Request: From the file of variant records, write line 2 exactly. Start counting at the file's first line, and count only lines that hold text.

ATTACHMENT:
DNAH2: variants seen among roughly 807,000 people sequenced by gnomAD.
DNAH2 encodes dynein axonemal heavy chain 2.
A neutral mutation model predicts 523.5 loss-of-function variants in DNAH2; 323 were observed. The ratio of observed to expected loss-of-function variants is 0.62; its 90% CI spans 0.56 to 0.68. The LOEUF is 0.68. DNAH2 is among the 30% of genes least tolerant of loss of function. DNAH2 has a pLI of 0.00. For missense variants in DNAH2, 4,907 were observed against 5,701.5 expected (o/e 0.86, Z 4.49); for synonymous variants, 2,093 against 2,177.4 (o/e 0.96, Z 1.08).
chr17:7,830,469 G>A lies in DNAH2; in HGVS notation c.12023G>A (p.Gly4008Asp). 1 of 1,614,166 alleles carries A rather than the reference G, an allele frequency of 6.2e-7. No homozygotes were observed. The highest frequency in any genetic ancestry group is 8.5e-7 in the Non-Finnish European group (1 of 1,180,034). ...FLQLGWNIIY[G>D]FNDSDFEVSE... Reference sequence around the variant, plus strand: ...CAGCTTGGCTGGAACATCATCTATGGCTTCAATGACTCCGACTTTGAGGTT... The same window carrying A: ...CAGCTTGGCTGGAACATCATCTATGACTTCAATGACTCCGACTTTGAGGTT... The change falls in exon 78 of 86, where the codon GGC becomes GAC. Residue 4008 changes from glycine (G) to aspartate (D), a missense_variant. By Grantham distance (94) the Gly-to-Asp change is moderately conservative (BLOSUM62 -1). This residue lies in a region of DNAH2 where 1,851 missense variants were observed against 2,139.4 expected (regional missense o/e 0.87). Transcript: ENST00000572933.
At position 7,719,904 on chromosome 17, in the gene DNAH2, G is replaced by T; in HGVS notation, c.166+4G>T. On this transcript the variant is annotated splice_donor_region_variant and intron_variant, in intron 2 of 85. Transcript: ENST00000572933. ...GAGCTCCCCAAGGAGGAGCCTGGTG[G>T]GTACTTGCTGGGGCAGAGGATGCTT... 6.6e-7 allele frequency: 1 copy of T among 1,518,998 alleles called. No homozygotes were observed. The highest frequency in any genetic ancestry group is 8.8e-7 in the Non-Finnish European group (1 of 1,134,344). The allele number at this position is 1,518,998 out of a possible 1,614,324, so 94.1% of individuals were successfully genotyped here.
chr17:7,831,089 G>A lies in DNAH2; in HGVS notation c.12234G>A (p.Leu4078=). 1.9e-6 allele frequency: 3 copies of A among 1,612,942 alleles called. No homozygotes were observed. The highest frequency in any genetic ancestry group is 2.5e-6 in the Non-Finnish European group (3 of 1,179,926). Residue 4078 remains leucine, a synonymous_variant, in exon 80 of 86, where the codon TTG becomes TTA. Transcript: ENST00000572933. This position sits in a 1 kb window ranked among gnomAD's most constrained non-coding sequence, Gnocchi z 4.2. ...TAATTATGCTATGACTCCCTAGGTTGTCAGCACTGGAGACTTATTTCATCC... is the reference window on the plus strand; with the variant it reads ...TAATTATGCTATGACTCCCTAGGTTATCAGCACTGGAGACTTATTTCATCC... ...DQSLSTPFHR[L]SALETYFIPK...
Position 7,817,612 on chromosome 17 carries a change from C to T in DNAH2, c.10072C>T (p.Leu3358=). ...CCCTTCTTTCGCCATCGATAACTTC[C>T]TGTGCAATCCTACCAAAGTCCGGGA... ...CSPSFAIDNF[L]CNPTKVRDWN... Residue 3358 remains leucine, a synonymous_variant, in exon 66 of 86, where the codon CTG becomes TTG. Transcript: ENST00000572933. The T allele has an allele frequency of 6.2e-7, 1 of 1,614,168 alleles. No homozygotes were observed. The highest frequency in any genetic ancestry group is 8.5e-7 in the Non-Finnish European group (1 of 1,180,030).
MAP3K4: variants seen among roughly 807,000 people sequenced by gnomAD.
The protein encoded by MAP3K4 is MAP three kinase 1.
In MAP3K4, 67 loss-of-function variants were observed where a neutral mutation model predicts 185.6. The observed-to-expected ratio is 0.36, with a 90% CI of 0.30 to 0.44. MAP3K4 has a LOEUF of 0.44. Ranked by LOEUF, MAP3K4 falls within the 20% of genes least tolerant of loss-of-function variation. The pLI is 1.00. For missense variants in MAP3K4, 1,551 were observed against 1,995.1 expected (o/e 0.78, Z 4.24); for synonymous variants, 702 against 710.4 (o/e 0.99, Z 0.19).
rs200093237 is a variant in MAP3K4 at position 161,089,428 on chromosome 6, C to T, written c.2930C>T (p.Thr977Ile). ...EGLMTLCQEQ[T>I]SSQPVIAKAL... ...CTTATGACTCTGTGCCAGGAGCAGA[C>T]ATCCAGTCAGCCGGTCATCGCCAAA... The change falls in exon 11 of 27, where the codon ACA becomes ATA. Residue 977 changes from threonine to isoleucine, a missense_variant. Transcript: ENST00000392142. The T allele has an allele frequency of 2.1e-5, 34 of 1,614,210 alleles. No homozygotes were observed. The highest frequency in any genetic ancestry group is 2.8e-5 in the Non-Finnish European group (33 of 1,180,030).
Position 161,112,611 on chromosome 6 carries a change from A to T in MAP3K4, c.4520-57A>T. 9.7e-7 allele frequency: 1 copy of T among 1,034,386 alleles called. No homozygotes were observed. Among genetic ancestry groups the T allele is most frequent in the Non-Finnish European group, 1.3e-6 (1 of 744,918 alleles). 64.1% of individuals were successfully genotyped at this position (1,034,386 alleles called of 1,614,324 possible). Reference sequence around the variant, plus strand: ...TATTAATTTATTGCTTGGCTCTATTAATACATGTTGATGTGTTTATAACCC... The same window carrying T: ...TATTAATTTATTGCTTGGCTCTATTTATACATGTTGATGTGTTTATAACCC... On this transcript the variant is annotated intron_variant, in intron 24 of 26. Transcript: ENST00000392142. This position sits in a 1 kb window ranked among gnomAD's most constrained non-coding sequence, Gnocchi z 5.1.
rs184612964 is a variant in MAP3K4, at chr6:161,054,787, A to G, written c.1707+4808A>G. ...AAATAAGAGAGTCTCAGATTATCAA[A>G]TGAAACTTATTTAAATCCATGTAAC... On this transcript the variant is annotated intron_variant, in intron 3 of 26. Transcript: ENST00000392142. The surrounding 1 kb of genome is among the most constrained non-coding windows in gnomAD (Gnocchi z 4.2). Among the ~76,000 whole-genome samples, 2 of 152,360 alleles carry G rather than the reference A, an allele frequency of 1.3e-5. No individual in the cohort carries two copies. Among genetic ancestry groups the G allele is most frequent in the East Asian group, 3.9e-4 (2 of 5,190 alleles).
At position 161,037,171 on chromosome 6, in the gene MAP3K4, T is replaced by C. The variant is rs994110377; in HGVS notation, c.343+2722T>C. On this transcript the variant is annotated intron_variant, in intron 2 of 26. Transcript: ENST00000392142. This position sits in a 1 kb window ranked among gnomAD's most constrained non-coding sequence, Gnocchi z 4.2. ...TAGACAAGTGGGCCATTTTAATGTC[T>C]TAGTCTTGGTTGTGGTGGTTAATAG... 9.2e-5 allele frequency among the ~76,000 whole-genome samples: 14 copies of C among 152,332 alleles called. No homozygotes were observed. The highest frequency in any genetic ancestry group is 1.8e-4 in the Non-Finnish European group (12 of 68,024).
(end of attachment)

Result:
DNAH2 encodes dynein axonemal heavy chain 2.